Ambition over League Tables: Avoiding the Ivy League Honeypot

by Viktorya Muradyan

When I was in school, I had a dream to study at Oxford or Harvard University. When I turned 21,  I got my Bachelor’s degree in a French-Armenian university. I worked for a year in Armenia and my life brought me to France – to study Management and Communication in an ordinary public university by paying only 243 euros for an academic year. As I was finishing the first semester, I thought “Hey, while I am here in Europe, should I probably try to apply to universities with a better ranking just to make sure I’m getting the best opportunities?”. Now I know that I will stick to my alma mater, not because I lack ambition or courage to try, but because I finally understood the role of the university in my life and in the current socio-economic landscape.

If you haven’t heard, a big scandal broke last week in the US. More than 30 actresses, business people and other members of the wealthy American elite were accused of bribing colleges to sneak their kids into their programs. Bribes amounting up to 1.2 million US dollars were paid to different Ivy League colleges, including Yale, Georgetown and Stanford.

This would be funny if it weren’t so tragic; parents helped their children falsify their SAT scores, or pretend they were athletes by photoshopping their heads onto sportsmans’ bodies. Why go to so much effort for a piece of paper? Because it is the key to their desired elite college communities.

This case made me think about my situation, and how I feel about my own educational background. Obviously, I am enormously thankful to both of the universities who gave me an opportunity to study, and I would never depreciate their role in my life. But the biggest concern for me, especially after retaking my studies, is the understanding of the truth. Universities, sadly, have lost sight of their purpose.

Back in the days when student classrooms were not equipped with WiFi and hi-tech PCs, with only a pen and a paper to take notes, universities had a principal mission to academically enhance and enrich generations of students. Nowadays, many universities think only about the quantity instead of the quality, by lowering the admission standards and giving priority to the applicants whose parents are able to give generous donations.

In order to stay relevant with the digital revolution,  universities and professors have changed their tactics and teaching methods. Classes are often just group work, superficial presentations and a small set of very practical knowledge in each domain. Honestly, 20 hours is such a limited time to study a subject. It barely allows you to scratch the surface, let alone master the subject. Consequently, students find themselves juggling mandatory, but often boring university courses and informal self-education.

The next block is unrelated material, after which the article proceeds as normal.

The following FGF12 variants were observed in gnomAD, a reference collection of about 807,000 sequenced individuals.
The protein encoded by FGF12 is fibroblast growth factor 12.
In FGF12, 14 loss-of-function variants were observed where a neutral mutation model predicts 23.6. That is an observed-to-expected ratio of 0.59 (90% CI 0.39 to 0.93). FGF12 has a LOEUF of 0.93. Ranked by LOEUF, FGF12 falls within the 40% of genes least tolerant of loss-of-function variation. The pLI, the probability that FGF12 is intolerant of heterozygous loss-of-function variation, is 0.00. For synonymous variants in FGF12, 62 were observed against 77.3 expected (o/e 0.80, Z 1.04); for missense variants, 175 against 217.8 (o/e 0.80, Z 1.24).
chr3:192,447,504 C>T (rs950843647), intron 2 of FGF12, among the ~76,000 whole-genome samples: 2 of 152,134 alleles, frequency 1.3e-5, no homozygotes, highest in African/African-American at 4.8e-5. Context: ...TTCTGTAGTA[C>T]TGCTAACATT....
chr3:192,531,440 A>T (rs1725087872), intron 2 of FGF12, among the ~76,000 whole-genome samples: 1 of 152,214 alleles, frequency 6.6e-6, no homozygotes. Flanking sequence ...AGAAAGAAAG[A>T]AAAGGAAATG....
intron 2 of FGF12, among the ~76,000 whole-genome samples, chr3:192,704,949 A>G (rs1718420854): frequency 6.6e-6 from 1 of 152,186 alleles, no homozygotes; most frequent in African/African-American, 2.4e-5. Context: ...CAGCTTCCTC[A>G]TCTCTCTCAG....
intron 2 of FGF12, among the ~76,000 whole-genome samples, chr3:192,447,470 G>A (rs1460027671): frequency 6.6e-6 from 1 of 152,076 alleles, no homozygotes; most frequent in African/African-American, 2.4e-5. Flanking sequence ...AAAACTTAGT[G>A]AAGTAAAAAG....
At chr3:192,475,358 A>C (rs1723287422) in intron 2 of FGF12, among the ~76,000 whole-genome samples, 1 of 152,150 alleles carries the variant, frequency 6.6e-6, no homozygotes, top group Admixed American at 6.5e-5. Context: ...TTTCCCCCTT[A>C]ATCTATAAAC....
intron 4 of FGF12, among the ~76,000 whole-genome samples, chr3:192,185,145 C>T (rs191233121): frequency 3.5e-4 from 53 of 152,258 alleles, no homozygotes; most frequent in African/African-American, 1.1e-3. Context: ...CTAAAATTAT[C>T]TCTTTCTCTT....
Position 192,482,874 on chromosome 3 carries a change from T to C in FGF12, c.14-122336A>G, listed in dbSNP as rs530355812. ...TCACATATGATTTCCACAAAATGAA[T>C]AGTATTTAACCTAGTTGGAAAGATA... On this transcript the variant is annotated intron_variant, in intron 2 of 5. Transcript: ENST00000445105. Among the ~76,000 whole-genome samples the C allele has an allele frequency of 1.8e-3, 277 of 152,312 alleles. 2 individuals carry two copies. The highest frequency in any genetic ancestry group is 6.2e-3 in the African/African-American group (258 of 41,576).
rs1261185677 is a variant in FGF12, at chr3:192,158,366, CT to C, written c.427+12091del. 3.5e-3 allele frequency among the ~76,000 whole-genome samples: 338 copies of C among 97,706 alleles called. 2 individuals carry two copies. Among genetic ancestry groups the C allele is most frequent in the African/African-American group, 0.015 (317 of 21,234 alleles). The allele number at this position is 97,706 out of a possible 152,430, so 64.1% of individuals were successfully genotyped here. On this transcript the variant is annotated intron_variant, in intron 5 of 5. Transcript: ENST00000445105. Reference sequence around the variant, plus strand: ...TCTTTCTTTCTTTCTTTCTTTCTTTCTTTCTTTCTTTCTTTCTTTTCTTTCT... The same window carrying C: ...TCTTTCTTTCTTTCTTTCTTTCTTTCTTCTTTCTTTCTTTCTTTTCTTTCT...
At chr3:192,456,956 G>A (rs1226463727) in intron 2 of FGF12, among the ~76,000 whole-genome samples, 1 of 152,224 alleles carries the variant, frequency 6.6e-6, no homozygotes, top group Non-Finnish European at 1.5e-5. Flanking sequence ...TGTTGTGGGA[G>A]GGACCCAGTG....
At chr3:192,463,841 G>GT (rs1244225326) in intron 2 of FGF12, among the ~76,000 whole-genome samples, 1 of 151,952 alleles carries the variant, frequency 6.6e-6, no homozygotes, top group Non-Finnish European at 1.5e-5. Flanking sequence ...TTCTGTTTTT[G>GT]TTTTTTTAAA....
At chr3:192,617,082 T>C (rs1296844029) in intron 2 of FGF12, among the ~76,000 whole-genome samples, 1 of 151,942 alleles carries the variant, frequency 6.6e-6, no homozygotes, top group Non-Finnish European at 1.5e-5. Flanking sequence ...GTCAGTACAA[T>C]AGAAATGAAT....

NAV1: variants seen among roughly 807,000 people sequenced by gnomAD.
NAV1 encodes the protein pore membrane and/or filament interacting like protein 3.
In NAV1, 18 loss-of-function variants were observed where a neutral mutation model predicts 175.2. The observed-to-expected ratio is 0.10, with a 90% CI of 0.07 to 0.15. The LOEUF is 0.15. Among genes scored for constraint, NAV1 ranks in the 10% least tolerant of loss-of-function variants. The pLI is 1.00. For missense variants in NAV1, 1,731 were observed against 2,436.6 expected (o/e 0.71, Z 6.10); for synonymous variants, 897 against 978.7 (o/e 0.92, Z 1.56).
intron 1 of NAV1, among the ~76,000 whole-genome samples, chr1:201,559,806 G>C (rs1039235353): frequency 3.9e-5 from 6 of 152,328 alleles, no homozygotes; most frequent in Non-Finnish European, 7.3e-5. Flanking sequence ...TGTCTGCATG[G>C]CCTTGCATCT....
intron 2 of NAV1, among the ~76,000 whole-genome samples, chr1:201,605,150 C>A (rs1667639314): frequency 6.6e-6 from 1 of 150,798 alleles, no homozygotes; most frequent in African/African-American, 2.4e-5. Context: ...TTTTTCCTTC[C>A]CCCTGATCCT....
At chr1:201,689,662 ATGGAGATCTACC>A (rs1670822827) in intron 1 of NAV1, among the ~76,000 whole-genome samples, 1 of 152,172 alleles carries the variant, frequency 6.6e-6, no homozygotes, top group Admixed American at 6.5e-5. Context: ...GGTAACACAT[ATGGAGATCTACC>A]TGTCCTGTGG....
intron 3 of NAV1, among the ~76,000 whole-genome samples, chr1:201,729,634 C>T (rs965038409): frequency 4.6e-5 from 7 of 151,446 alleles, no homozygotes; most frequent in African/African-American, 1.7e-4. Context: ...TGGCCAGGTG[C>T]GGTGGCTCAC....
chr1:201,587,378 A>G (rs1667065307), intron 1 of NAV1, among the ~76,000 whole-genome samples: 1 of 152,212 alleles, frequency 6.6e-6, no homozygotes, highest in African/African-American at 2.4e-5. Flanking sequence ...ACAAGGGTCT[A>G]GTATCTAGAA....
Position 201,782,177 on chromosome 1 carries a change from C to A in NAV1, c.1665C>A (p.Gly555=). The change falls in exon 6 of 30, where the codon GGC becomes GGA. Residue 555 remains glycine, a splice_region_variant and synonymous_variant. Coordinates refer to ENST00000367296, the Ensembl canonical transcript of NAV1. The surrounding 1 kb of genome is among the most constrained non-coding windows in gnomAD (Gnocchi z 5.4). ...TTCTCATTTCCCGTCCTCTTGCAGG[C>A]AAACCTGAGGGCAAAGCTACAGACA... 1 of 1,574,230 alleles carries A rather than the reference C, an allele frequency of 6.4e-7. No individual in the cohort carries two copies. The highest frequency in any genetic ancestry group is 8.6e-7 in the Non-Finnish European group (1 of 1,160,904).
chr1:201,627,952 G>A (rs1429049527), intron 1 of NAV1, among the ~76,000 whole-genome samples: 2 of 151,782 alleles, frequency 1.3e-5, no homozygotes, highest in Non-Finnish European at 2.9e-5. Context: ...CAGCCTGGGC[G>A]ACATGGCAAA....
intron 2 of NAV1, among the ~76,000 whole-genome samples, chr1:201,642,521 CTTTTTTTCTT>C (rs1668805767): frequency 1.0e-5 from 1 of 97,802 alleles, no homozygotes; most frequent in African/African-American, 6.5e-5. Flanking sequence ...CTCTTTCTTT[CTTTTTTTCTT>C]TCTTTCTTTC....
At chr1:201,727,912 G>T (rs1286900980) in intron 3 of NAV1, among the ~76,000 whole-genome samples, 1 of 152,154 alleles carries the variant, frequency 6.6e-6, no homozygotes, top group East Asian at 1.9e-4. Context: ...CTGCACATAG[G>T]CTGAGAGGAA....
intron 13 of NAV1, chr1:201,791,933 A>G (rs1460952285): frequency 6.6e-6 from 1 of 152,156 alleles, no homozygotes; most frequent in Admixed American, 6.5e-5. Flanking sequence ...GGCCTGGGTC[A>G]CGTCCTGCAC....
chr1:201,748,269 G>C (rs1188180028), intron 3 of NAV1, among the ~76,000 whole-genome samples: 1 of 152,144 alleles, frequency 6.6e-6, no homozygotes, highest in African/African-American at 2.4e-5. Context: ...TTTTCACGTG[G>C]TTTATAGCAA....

It sounds cliché to say that the most successful people in the world didn’t even go to college.  There were also people, who studied in their small hometown universities but succeeded greatly thanks to their efforts and hardworking nature.The current president of the European Council Donald Tusk, for instance,  graduated from the University of Gdansk. Angela Merkel, on of the most influential world leaders studied in Karl Marx University. Quentin Tarantino never actually went to a fancy art college. In fact, the only person from the Forbes top 10 company CEOs whose alma mater is an Ivy League University is the Amazon CEO Jeff Bezos (Princeton University). Other CEOs have graduated from less-prestigious (for lack of  a better term) universities like the University of Arkansas, the University of Nebraska, the University of Oklahoma, the Auburn University etc.

So, why do we dream about top colleges instead of working hard and building our future from the scratch? Why do we need big-name universities in our CVs so desperately even if we clearly understand, that what they give and the amount they require are not equivalent anymore? Linking your life, career, success and  future to rankings and league tables is not only naive, but also pretty silly.

Do not give the university more merit for your future than it actually deserves. Do not choose a university because it has a popular name, choose the one that has a bigger library and an interesting program. If you want to hear prominent professors, read their books and watch their TED Talks. Believe me, if you had an opportunity to listen to them, you’d probably skip the class to travel with your friends. Because, the privilege is very often a sweet trap where you take everything for granted.

Expensive colleges do not pay off if you are an unambitious and a lazy person, but hard work and dedication always, always will, regardless of where you studied.

The question here is not whether Ivy League or private business school graduates eventually end up in a good place with a high-powered salary or not, because they often do. And don’t get me wrong, I don’t completely depreciate those colleges. Throughout many decades, they have given us very outstanding minds in all domains.

The question here is whether you can end up in a place you want without even being obliged to justify the credibility or the value of your ordinary diploma? The answer is absolutely yes. It may be a bit harder, but as Lucretius said long before I was born “Ex nihilo nihil fit”.

This piece solely expresses the opinion of the author and not necessarily the organisation as a whole. Students For Liberty is committed to facilitating a broad dialogue for liberty, representing a variety of opinions. If you’re a student interested in presenting your perspective on this blog, click here to submit a guest post!

Image: Pixabay

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